inFAMOUS: Second Son accessibility review

Josh Straub4 minute read

inFAMOUS: Second Son was one of the biggest system sellers for Sony’s new PlayStation 4. The game offers players the experience of being a regular guy who is suddenly granted the Demi-God like powers of a Conduit. Along the way to save your family players will be confronted with morality choices that either move them towards Infamy or Heroism. inFAMOUS has been known as the franchise that offers the Super Hero experience coupled with great gameplay mechanics and a great story, but none of this matters, since right out of the gate most disabled players will be confronted with one or more extremely difficult barriers to overcome. And unfortunately, they don’t let up after the prologue.

Let me start by saying, I don’t have a visual disability, and this game was visually inaccessible for me when I played. This is because when playing through levels in the early game, inFAMOUS: Second Son gives players button prompts that are virtually unreadable, even if you aren’t visually impaired. At one point close to the beginning of the game players have to rescue Deslin’s brother from underneath a wrecked car, to do this they have to press and hold a button, but the visual prompt was not labeled and completely unreadable. It wasn’t until I restarted the game the next morning that I realized that the image on the screen was two fingerprints, and that it was telling me to press and hold my fingers on the touch pad in that configuration. To make matters worse, the HUD features extremely small font and no features that allow you to customize visibility. Because of the fine motor barriers, it’s not clear what all relies on color in this game, but it is clear that given the small HUD elements that most players with visual disabilities will have a problem with this game, especially since it does seem to communicate important details by color.

I no more than installed inFAMOUS: Second Son before I ran into a major fine-motor barrier. The very first scene has a motion controlled mini-game, in which the player must move the controller around in order to spray paint and tag a building. What’s worse, this scene does nothing more than confirm Deslin’s status as a bad boy, and seems like more of a gimmick then an actual mechanic to drive the story along. inFAMOUS: Second Son also has absolutely no controller customization, and players will have to use both hands when playing this title. This also means that the frantic combat system and precise aiming required will be inaccessible to a lot of disabled gamers simply because the controller doesn’t flex. Not to mention that the combat system would be hard enough to deal with, even with adequate controller customization. Beyond this, there are more gimmicky features within inFAMOUS: Second Son. The game makes use of the touch pad to do the most mundane things, like opening doors. It is true that some of the touchpad uses are cool, but for the most part it just seems like Sucker Punch was in love with the PS4 hardware and trying to come up with new and innovative ways to use it, which wouldn’t be a problem if these were optional for the player. However, because there is no controller customization and very little flexibility in the in-game options, this just creates more hassles for disabled gamers then this admittedly good game is worth.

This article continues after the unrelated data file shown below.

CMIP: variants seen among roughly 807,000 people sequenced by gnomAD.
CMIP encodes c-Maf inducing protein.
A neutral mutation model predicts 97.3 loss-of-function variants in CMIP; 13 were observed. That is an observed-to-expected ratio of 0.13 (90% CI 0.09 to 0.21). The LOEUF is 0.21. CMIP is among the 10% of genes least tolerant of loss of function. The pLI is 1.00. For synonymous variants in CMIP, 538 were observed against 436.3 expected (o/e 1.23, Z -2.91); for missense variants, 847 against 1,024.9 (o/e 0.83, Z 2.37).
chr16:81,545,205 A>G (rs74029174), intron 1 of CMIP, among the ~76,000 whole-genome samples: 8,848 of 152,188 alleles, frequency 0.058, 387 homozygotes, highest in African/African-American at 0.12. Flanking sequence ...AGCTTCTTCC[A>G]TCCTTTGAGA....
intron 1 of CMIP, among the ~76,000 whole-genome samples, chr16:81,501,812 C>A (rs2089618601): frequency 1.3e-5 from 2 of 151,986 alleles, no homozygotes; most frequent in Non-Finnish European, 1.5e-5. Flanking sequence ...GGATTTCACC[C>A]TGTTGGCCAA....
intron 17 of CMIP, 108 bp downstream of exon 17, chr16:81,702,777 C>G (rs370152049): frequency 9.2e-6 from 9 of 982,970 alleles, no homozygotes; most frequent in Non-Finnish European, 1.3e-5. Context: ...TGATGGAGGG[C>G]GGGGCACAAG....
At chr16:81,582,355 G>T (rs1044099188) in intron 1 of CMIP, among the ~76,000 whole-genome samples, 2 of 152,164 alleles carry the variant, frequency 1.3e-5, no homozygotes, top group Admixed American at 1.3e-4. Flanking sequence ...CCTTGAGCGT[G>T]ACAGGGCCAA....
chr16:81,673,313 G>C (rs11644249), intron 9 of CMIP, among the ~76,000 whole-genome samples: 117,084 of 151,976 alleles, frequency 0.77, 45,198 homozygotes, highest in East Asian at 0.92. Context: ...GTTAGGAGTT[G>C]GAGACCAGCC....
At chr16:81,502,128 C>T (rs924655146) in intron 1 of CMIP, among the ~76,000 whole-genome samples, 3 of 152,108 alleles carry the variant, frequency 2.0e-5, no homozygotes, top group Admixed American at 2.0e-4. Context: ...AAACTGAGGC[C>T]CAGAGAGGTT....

Unfortunately, gamers with auditory disabilities won’t fare much better. This is because there is an extensive cutscene at the beginning of the game that sets up the story that is not subtitled. Even when the player has the option to turn subtitles on, unless they are sitting on top of their TV, they will be forced to squint, and even then they may miss what is going on, since the subtitles seem to flash by too fast to be readable. Beyond this, only story driven dialogue is subtitled, and there is no way to tell what is going in outside of what the characters are saying.

I absolutely hate dumping on games, but inFAMOUS: Second Son is simply inaccessible to all categories of disabled gamers. I do not fault Sucker Punch, but disabled gamers need to know that they most likely should avoid this game, no matter what their disability. At DAGERS we look at a game and try to determine at what point the barriers make the game unenjoyable, inFAMOUS: Second Son is a great game that unfortunately never starts being fun for the disabled gamer due to its many barriers.

Overall Rating: Inaccessible
Visual Rating: Inaccessible
Fine-Motor Rating: Inaccessible
Auditory Rating: Inaccessible
Released For: PS4
ESRB Rating: T
GameInformer Score: 8.50

The Bottom Line: inFAMOUS: Second Son


– None.

– Extremely small font and hard to read button prompts.
– No HUD customization.

Fine Motor

– None.

– No controller customization.
– Game is very frantic and fast-paced.
– Game cannot be played with one hand.
– Game requires touch-pad use and motion control.


– Dialogue between characters is subtitled.

– Players will miss the initial cutscene because subtitles can’t be turned on right when the game starts.
– Subtitles are very hard to read.
– Ambient noise is not subtitled.

This article has been transferred from DAGERSystem (now AbilityPoints). Scores, formatting, and writing style may differ from original CIPT content.

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